Abby:

I cannot wait to give this a try. I really cannot. I just love what you’re doing and your passion behind it. This is just thrilling to me. If people wanted to find out more about your product and when it’s going to be introduced and where to purchase it and all that fun stuff, where could they go?

Jasmine:

I would encourage people to go to our Instagram first because that is the place that we’ll be announcing our launch. We’re working on some website updates right now related to compliance for visually impaired individuals, so that’s still in process, but if you follow us on Instagram at spktrm.beauty, you’ll be the first to know when our lipstick and rebrand launch happens.

Abby:

I’m already following you, but I’m just going to go spread the word even more. I cannot wait about this. I am jumping for joy. I am so excited about it. It’s going to be so much fun. Is there anything else you’d like to share with us?

Jasmine:

That’s it for now, but we’ll be making a lot of updates on our Instagram, so definitely keep your eyes peeled there.

Abby:

Oh, I totally will, and I cannot wait for this. You guys, this is Jasmine Glass of Spktrm Beauty. I’m [inaudible 00:07:25] keeping it real, keeping it natural, keeping it lovely one cane tap at a time. This is Abby with Bold Blind Beauty and thanks so much for tuning in with me and my friend. Oh, this is so fun. I have a good one guys.

Globally the number of people of all ages visually impaired is estimated to be 285 million, of whom 39 million are blind. ~Word Health Organization

Connecting With Spktrm Beauty:

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CREDITS:
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Monthly Beauties | Gabby Mendonca

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Meet The Faces of Bold Blind Beautiful & Accomplished Women

Representation Matters! Bold Blind Beauty believes that “Real Beauty Transcends Barriers.” Today’s Cover Model, Gabby Mendonca, is a beautiful 21-year-old blind YouTuber. Not unlike many young women, Gabby has struggled with accepting herself and is sharing lessons on how she’s learning how to embrace her beauty. To learn more about Gabby visit her social media platforms and stay tuned for her story to be featured here in Women On The Move.

Following is personal and empowering insight from Gabby.

Being visually impaired has never defined me as an individual, but instead enhances my abilities to adapt to new environments and hone in on my creativity.

~Gabby Mendonca

Gabby’s Social Media Platforms:

Image Description:

Beyond Sight Magazine Cover – Gabby is posed standing outside on a lawn in bright sunshine. Her long dark hair cascades over both her shoulders in soft curls. She’s wearing a black outfit (leggings and long sweater/jacket with light-colored flats. The masthead is teal with “Beyond Sight Magazine” in black text. The dot on the ‘i’ in ‘sight’ is the eye used for our 2020 Year of Vision Campaign (described HERE). There are 3 lines of white text to the left of Gabby’s photo that says “Crushing Digital Media In College.” In the bottom right corner is a yellow circle with an illustration of Abby looking at a reflection of herself in a standing mirror. She has on a teal dress and a white hat with a black band. In her right hand is her white cane. And of course, she’s sporting her signature explosive hairstyle (peeping from under her hat in the back), and “Monthly Beauties” is yellow text under the circle.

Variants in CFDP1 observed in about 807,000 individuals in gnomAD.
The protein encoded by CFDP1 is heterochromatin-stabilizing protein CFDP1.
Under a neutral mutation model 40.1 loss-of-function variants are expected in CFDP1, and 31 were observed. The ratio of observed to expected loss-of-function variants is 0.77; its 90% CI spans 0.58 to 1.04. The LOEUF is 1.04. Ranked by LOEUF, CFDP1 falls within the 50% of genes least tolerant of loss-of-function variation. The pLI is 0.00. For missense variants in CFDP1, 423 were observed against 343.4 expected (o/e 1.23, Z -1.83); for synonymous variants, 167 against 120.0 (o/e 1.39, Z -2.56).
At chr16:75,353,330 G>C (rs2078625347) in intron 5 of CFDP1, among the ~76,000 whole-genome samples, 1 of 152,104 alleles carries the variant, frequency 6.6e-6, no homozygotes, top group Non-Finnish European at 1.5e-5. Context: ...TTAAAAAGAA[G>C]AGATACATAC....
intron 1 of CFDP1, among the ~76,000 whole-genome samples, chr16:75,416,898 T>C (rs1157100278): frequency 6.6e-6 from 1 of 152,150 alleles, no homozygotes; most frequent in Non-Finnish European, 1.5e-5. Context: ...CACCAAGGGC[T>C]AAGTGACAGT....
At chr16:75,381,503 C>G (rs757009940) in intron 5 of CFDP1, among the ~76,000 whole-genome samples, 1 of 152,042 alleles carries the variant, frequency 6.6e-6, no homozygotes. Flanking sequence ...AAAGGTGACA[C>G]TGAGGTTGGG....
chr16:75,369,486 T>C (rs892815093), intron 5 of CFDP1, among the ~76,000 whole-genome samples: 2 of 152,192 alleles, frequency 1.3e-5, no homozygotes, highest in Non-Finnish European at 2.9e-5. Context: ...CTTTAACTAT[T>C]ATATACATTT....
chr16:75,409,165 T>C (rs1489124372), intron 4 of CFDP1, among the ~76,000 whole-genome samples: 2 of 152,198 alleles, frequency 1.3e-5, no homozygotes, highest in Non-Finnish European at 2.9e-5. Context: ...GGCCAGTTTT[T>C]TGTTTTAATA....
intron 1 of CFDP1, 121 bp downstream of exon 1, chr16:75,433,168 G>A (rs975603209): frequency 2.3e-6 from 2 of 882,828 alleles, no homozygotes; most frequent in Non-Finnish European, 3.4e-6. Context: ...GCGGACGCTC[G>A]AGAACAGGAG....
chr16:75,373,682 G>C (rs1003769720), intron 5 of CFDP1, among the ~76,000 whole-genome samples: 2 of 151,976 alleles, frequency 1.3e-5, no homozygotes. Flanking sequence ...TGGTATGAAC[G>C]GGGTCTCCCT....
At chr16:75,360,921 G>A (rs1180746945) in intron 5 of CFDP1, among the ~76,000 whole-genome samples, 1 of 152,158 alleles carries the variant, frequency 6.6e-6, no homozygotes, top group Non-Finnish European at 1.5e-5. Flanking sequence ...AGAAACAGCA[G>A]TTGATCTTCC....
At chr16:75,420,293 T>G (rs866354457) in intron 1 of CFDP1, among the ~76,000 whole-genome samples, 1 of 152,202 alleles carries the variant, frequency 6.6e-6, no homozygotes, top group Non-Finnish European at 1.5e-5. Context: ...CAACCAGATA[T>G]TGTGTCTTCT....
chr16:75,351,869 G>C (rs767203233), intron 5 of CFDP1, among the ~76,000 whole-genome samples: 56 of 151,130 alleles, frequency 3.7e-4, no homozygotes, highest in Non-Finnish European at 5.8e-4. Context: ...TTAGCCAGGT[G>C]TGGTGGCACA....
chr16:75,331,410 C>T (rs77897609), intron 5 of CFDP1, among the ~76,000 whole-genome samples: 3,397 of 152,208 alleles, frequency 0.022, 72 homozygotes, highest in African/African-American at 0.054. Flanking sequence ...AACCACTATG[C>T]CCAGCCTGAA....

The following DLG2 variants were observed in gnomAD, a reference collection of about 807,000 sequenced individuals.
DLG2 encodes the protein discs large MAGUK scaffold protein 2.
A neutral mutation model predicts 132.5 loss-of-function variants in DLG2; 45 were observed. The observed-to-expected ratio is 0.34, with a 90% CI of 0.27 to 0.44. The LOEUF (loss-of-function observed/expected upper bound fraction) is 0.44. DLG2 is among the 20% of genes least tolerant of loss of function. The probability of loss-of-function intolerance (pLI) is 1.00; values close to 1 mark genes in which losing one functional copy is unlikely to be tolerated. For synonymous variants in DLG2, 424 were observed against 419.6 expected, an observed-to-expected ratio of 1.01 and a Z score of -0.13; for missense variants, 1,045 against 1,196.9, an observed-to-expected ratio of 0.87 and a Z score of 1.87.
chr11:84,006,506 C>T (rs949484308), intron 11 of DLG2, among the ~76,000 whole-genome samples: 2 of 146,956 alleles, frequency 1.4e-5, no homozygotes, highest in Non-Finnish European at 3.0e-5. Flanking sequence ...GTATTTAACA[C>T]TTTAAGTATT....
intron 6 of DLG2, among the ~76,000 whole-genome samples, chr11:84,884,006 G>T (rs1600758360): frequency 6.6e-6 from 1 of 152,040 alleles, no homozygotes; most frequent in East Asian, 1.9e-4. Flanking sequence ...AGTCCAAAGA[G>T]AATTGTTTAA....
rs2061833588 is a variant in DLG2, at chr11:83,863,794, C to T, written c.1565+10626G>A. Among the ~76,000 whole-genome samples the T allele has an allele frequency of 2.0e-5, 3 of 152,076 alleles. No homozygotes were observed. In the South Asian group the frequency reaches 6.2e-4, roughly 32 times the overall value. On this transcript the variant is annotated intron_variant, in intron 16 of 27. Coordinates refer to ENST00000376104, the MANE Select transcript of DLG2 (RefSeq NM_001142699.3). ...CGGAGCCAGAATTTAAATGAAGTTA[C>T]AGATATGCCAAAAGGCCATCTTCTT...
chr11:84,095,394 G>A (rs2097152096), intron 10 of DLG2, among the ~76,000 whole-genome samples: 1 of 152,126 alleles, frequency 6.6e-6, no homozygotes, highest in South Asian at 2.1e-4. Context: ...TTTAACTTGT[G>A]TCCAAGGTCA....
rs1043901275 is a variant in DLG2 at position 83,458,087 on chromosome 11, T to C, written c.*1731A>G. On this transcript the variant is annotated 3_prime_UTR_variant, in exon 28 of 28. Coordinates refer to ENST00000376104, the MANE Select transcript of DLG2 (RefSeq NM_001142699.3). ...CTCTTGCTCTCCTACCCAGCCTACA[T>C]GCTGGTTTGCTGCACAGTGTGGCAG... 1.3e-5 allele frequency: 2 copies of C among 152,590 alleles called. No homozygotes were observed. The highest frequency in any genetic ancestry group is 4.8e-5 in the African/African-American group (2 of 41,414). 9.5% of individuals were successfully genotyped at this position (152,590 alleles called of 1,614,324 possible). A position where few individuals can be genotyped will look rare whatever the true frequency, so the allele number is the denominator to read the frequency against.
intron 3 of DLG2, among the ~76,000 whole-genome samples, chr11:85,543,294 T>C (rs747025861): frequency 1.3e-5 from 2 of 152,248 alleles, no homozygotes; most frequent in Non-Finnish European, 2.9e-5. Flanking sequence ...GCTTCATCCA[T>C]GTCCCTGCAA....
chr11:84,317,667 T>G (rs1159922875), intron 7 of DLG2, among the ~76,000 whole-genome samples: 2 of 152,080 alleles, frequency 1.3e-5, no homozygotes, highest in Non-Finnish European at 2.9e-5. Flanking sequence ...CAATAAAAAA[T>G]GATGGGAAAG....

CREDITS:
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One Tube Away from Happiness

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BEAUTY BUZZ & BLOG BIZ | BEAUTY

One Tube Away from Happiness

By Catherine Harrison

I have learned in the modeling business and in life that my worthiness doesn’t decrease based on someone not choosing my value. It may simply mean I am not what they are looking for,
but that doesn’t make me less. 

~Catherine Harrison
Image of Catherine Harrison is described in the body of the post.
Catherine Harrison

What is it about a .13 oz twist-up tube of perfectly tinted, moisture infused wax that holds us captive to its promises of: flawlessly plump lips, a sensually alluring kiss or to become a force of beauty? (Actual ad campaigns for lipstick).

I was chatting with my friend, Julie, about the brand of makeup I use. She asked me to share with her the changes I made over the past two years to accomplish a genuinely confident, model-ready appearance, a new skill set and attitude in spite of my circumstances of blindness.

I could hear the emotional quiver of insecurity and despair in her voice as she confessed how she felt about herself. I listened to Julie question her value as a woman and a mom. My heart ached as she revealed how she struggled with confidence, self-esteem and expressed the genuine need for hope that time hadn’t passed her by. She was seeking solace in different colors, brands of makeup and application techniques with no obvious results. Then she summed up our conversation with this… “I feel like I am just one tube away from happiness”.

Looking For Answers

Her goal, of course, was not to have a drawer full of half-used tubes of lipstick that didn’t deliver what was promised. Her goal was to feel better about herself, to see the sparkle of life return to her green eyes, to be confidently attractive to others and self-assured of her value as a woman. She was looking for answers and started where many of us turn, the mirror.